I used to write for the Yahoo! Contributor Network, which later became Yahoo! Voices, and is now non-existent altogether. Periodically, posts may appear that are my articles I wrote for YCN, and they will be labeled as “YCN Archives.”
Original publish date: April 5, 2011
It may be cliché, but Christmas and Easter are the two holidays my family anticipates the most. For me, as a Christian, my life revolves around these two events. If it’s not Christmas, I’m thinking about Easter, and if it’s not Easter, I’m thinking about Christmas. With these two holidays constantly in mind – they are, after all, the two defining events of Christianity – when I read through my Bible, certain verses stand out to me all the time.
The account in Genesis 22, when Abraham was willing to offer his son Isaac as a sacrifice to the Lord is one of the first I encounter. It is a direct picture of what God would do through Jesus on the cross, providing His Son to be the Lamb, especially in verses 6-8:
“So Abraham took the wood of the burnt offering and laid it on Isaac his son; and he took the fire in his hand, and a knife, and the two of them went together. But Isaac spoke to Abraham his father and said, “My father!” And he said, “Here I am, my son.” Then he said, “Look, the fire and the wood, but where is the lamb for a burnt offering?” And Abraham said, “My son, God will provide for Himself the lamb for the burnt offering.” So the two of them went together.”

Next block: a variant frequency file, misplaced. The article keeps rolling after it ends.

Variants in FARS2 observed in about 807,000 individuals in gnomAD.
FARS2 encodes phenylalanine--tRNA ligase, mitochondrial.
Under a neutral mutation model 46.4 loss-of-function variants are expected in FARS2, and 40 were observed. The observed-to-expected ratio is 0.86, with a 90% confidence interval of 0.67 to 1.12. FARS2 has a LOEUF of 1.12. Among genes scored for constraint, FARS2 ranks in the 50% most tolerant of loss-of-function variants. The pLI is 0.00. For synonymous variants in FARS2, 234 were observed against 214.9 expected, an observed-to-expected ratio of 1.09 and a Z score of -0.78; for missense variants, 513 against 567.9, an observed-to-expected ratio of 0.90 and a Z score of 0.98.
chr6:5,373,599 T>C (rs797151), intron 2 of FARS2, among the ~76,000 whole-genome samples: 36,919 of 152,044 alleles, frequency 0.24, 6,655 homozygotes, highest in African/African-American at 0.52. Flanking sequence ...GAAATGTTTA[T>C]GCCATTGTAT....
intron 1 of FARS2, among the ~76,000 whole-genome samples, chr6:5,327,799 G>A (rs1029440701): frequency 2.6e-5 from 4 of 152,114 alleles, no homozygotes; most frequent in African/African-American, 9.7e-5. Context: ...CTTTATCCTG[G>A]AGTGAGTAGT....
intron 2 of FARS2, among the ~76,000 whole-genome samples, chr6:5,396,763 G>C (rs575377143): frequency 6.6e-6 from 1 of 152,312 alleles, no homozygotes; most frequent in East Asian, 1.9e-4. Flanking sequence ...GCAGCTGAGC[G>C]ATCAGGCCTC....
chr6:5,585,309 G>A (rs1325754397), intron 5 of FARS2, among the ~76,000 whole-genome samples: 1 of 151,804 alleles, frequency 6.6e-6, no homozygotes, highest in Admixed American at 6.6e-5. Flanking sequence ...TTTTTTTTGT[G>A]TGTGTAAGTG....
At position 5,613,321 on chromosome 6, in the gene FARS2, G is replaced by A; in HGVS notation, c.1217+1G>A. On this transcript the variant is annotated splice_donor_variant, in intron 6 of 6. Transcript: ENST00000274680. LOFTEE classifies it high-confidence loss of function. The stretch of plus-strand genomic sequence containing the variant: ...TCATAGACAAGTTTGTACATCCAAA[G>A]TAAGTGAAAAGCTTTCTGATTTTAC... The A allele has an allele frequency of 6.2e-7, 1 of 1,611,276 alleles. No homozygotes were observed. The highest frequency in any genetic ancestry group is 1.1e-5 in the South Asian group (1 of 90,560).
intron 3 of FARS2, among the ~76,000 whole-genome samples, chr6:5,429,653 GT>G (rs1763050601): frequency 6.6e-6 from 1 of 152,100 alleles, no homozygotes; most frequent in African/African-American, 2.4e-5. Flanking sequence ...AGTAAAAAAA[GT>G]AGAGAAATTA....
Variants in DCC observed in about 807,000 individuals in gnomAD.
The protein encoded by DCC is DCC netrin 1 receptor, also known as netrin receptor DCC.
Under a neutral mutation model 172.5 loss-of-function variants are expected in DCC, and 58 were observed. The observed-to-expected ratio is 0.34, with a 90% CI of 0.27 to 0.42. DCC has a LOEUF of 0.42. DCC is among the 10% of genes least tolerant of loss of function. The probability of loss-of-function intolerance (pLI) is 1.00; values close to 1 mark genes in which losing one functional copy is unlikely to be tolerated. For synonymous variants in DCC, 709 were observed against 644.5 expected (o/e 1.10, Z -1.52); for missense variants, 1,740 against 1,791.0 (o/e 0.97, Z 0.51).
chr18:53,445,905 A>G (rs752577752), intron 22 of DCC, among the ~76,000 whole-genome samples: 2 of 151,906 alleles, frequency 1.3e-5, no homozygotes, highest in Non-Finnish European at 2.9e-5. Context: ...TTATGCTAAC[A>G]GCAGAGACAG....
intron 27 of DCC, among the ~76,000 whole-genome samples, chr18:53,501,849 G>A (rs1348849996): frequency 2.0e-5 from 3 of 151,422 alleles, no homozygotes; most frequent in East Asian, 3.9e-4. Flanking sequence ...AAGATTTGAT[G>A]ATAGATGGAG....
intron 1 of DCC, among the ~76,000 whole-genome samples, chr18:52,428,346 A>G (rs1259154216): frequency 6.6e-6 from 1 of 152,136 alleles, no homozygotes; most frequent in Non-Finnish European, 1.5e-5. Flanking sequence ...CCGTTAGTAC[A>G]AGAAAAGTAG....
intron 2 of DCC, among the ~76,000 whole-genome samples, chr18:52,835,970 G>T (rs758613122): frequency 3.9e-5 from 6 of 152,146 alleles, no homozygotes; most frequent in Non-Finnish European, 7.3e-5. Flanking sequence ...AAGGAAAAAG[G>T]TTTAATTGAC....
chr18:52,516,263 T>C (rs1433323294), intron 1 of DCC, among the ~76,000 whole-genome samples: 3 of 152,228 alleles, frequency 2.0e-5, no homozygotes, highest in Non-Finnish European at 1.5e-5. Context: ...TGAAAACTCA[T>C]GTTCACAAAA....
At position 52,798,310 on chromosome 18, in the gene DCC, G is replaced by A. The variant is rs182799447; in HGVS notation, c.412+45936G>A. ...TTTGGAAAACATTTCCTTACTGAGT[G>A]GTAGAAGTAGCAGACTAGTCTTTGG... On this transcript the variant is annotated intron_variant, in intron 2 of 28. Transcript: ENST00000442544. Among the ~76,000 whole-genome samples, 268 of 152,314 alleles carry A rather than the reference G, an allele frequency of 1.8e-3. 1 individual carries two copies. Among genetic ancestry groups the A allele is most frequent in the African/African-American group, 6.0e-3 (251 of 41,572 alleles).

Reading about the institution of Passover in Exodus 12 always brings Easter to mind as well, because Jesus was crucified on Passover. After the lamb had been slaughtered, the instructions in Exodus 12:7 read:
“And they shall take some of the blood and put it on the two doorposts and the lintel of the houses where they eat it.”
Imagine a doorway with blood on each doorposts and on the top. Think of Christ’s pierced hands, spread wide, and the crown of thorns on His head.
Besides the account in Luke of Christ’s Resurrection (Chapter 24) where Mary Magdalene interacts with the Risen Christ outside the tomb, my favorite Easter scripture is 1 Corinthians 15:54-55:
“So when this corruptible has put on incorruption, and this mortal has put on immortality, then shall be brought to pass the saying that is written: “Death is swallowed up in victory. O Death, where is your sting? O Hades, where is your victory?”
My favorite Easter Scripture verses may be unique, but they are my reminders of the sacrifice of Christ. He was my Sacrificial Lamb who defeated death.